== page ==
I’ve always been skeptical of rallies and protests. Growing up, I saw them as an insufficient means to make change. I didn’t understand people dedicating time to chant along with a crowd. I struggled to make the connection from groups of people rallying or marching in the streets to the realization of the change they desired to take place.
I also didn’t see a place for myself in the bold stances rally and protest participants often take. As I grew into the person I am today and work towards becoming the person I want to be tomorrow I am beginning to see them differently.
As I see it now, these events are about joining together and about building the hope and confidence of individuals for when it is necessary to stand alone. It’s not every day we can rally in the streets; we must commit to doing the work in our own neighborhoods even if that sometimes means standing alone.
Going into today my skepticism lingered but I knew I was ready to take part in the Women’s March on Chicago. Here’s how it went:
As I march…I am surrounded by hundreds of thousands of people. People who share similar views and are ready to stand up for their rights. Women’s rights. Human rights. And I love it.
As I march…I see the two or three peaceful counter protesters with their own megaphones and signs. The crowd responds with peace signs and smiles. I am reminded that, while I am joining with millions of beautiful humans around the country and around I world to march, there are millions of other people that oppose what I believe. And that is their right to do so just as it is my right to march.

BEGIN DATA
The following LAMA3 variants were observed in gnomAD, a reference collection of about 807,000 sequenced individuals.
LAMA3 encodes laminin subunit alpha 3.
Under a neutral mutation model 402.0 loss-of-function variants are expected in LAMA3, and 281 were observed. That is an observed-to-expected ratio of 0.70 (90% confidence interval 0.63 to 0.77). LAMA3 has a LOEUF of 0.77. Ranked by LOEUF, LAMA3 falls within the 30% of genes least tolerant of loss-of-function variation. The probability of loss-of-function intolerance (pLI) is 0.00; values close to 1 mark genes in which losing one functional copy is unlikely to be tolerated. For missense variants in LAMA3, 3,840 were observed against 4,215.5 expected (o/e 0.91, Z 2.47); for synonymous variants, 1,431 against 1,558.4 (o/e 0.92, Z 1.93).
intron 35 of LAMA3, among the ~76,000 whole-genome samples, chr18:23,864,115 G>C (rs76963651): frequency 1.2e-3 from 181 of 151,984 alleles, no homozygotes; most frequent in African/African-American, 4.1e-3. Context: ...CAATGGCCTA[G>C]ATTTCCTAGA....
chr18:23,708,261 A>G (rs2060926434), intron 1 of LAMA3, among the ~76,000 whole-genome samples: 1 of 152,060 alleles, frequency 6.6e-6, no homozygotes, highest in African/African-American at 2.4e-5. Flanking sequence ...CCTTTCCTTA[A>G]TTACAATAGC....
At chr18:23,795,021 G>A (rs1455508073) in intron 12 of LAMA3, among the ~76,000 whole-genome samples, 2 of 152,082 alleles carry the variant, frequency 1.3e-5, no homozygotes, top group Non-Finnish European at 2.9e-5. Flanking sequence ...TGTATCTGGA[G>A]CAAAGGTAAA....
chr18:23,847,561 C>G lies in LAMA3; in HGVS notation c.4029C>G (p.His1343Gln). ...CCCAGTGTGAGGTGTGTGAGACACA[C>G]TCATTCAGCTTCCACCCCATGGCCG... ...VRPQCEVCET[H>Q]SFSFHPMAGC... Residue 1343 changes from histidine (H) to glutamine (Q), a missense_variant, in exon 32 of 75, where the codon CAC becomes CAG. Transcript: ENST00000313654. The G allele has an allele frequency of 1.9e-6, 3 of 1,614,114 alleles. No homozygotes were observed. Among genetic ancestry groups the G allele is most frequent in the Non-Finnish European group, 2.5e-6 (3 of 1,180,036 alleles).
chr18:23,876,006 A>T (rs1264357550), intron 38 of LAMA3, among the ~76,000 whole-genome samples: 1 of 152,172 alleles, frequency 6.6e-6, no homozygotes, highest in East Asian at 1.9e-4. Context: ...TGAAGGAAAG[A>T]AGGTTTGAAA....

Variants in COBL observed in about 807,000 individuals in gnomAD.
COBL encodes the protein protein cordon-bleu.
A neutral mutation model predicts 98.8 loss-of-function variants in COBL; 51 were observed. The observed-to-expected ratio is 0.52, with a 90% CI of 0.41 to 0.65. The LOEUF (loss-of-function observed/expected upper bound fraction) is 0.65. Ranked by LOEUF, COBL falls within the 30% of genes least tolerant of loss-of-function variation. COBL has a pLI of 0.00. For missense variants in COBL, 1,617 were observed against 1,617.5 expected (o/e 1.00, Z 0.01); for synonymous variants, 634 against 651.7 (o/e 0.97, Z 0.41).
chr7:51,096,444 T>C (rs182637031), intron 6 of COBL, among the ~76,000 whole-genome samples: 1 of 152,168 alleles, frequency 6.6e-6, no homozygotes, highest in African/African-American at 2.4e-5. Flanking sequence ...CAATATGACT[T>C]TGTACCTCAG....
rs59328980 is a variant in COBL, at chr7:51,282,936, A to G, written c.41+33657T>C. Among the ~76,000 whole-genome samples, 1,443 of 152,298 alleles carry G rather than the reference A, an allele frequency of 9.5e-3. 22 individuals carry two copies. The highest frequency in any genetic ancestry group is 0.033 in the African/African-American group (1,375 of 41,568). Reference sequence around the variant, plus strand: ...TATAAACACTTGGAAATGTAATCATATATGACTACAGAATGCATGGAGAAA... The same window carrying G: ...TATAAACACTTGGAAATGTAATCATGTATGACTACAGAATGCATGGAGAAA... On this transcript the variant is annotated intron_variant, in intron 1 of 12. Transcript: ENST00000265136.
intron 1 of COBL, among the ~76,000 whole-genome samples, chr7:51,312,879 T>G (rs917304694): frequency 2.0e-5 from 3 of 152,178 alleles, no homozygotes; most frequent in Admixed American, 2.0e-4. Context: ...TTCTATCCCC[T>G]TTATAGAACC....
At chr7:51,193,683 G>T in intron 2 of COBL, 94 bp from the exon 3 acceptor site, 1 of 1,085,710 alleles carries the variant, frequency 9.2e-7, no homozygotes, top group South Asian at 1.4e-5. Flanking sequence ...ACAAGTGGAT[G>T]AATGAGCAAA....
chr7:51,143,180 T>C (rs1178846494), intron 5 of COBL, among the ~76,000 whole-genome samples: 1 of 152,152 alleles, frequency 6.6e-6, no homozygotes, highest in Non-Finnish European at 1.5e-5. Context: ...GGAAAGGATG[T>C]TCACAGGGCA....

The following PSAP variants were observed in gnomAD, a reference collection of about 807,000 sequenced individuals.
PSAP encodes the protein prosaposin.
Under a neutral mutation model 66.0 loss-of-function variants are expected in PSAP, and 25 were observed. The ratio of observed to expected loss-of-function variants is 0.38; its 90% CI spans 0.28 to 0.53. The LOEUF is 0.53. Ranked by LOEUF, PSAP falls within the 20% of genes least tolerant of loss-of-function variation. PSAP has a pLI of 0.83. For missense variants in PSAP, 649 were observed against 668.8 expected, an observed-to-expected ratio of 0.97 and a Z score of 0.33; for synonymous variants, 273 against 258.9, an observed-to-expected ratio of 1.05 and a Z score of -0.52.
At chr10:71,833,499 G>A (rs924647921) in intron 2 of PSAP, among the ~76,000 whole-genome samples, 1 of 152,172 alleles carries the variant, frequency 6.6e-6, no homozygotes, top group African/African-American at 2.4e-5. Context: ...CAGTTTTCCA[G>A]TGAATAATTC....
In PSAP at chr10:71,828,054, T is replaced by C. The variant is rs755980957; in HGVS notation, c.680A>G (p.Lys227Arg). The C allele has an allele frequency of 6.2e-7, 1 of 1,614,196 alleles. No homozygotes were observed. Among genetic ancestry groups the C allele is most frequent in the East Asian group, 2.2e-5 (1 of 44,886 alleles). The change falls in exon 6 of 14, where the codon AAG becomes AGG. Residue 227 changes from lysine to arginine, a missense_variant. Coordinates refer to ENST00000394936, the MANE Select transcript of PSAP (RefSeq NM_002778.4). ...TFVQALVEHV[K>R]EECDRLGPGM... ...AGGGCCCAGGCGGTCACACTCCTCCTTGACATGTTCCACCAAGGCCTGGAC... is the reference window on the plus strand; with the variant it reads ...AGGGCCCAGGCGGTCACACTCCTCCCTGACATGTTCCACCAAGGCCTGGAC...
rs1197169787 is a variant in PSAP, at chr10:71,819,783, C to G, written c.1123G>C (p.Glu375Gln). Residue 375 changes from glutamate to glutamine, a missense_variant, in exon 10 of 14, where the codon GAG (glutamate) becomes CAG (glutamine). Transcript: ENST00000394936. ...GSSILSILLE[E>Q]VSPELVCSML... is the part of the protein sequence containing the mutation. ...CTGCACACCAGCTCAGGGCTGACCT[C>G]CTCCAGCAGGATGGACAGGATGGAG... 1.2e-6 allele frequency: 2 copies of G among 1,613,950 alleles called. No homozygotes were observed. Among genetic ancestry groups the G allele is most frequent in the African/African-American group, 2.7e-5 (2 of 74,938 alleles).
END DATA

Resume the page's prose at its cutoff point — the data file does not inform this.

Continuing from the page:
As I march…I look up to the clear blue skies and feel the warmth of the sun on my face. I look around and see a few knit hats and some idle salt trucks—the only signs that it is the middle of January. At 62 degrees, it feels like a cool summer day.
As I march…I reflect on the countless hours myself and many others spent this fall promoting democratic candidates across the country. More than ever I am grateful for the opportunity to go door to door and talk to supporters, opposers, disenfranchised voters and people everywhere in between. The personal stories of my fellow citizens—strangers to friends—kept me hopeful for a better tomorrow. In the faces around me I see the hope that I felt throughout the campaign. I see the hope and the devastation that I felt on election day. I am recharged for the work ahead.
As I march…I am reminded that change is made by large groups of individuals and individuals themselves. We can find commonality despite the diversity of our lives. We can disagree on how to get where we are going but we can agree that the future will be better for us all if we walk together on the journey.
Because I marched…I am reminded of the power of being a part of something bigger than myself. I am reminded that there is hope in the future of our democracy as long as we continue to take a stand.